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In the company that I work for we have documents covering system requirements, standards, user acceptance, etc. each of these are maintained manually. If a change to the requirements is made then it has to be made in a couple of places, user acceptance criteria needs to be added associated with this requirement etc. etc.

As this is done manually there have been occasions where the person updating the documents have updated it in the main document but neglected to update it in another. Which while have been caught prior to being sent to the user so far would be quite embarrassing if the user found this before we did.

So I was wondering whether anyone knows if there is any automated way of dealing with this issue then I would be greatful to know.

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    Automating this is all fine and dandy, yet there are subtle cases requiring human involvement. Your organization has to build procedures and train personnel on the assumption of manual (not necessarily computerless) workflow. Cross-referencing was invented for such purpose. – Deer Hunter Mar 26 '13 at 3:33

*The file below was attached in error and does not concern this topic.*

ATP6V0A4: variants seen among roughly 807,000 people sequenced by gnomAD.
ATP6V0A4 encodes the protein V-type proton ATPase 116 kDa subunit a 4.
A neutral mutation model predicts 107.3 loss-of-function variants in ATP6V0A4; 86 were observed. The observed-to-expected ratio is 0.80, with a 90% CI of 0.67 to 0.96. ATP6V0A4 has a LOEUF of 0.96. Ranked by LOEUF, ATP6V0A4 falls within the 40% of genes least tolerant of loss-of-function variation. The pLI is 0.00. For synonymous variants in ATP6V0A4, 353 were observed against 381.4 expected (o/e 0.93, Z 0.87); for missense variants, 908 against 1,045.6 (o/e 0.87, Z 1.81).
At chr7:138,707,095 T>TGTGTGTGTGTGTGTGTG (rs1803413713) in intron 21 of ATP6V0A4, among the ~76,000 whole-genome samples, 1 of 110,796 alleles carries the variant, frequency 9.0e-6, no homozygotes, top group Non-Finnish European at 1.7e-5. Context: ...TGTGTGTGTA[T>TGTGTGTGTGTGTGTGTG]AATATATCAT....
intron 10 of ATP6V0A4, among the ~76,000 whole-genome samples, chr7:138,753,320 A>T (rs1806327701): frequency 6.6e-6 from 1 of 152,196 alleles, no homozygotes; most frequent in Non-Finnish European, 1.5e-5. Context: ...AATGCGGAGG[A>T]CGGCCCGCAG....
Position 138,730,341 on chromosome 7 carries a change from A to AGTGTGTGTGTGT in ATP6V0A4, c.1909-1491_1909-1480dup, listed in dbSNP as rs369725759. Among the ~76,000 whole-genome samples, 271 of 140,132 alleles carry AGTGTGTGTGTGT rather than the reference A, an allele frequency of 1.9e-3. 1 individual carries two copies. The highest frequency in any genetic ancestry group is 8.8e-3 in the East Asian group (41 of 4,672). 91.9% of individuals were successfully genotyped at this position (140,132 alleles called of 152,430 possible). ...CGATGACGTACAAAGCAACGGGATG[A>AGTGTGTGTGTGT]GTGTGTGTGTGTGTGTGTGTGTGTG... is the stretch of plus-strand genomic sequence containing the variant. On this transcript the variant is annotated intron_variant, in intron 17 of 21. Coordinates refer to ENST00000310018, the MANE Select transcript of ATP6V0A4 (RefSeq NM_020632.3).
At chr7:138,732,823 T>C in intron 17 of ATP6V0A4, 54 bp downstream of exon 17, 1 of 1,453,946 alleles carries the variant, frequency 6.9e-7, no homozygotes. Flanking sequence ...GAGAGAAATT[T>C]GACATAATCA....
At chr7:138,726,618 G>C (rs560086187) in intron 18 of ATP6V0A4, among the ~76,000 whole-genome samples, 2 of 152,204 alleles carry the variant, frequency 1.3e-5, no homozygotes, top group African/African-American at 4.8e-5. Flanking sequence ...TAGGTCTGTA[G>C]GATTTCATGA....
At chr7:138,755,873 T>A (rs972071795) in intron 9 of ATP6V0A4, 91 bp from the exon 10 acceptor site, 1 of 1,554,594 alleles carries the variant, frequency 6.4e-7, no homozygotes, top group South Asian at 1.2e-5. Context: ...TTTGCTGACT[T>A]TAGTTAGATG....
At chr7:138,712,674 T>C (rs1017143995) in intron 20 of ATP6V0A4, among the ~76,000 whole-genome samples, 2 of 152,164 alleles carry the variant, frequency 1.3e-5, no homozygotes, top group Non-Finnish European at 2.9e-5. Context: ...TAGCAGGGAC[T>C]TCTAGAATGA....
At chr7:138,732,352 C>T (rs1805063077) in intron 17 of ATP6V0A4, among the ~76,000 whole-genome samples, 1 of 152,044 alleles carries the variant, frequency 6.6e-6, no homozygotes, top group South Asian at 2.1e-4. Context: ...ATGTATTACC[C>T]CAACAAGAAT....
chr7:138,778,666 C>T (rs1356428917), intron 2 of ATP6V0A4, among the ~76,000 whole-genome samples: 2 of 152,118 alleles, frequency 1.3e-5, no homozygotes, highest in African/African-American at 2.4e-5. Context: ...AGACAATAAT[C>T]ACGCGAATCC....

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    Have you considered simply writing less documentation? Identify the consumer of the documentation and find out what is used and what is needed. – Andrew Clear Mar 27 '13 at 15:47
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I am not a huge fan of automation without some level of human intervention.

  • It is too likely that the business rules in your automation logic will be imperfect and will fail to catch what a human could catch intuitively.
  • It is too likely that your team will get "dumbed down" if there is an overreliance on automated processes, in the same way that reliance on a GPS can lead people to literally go down the wrong road when common sense dictates otherwise.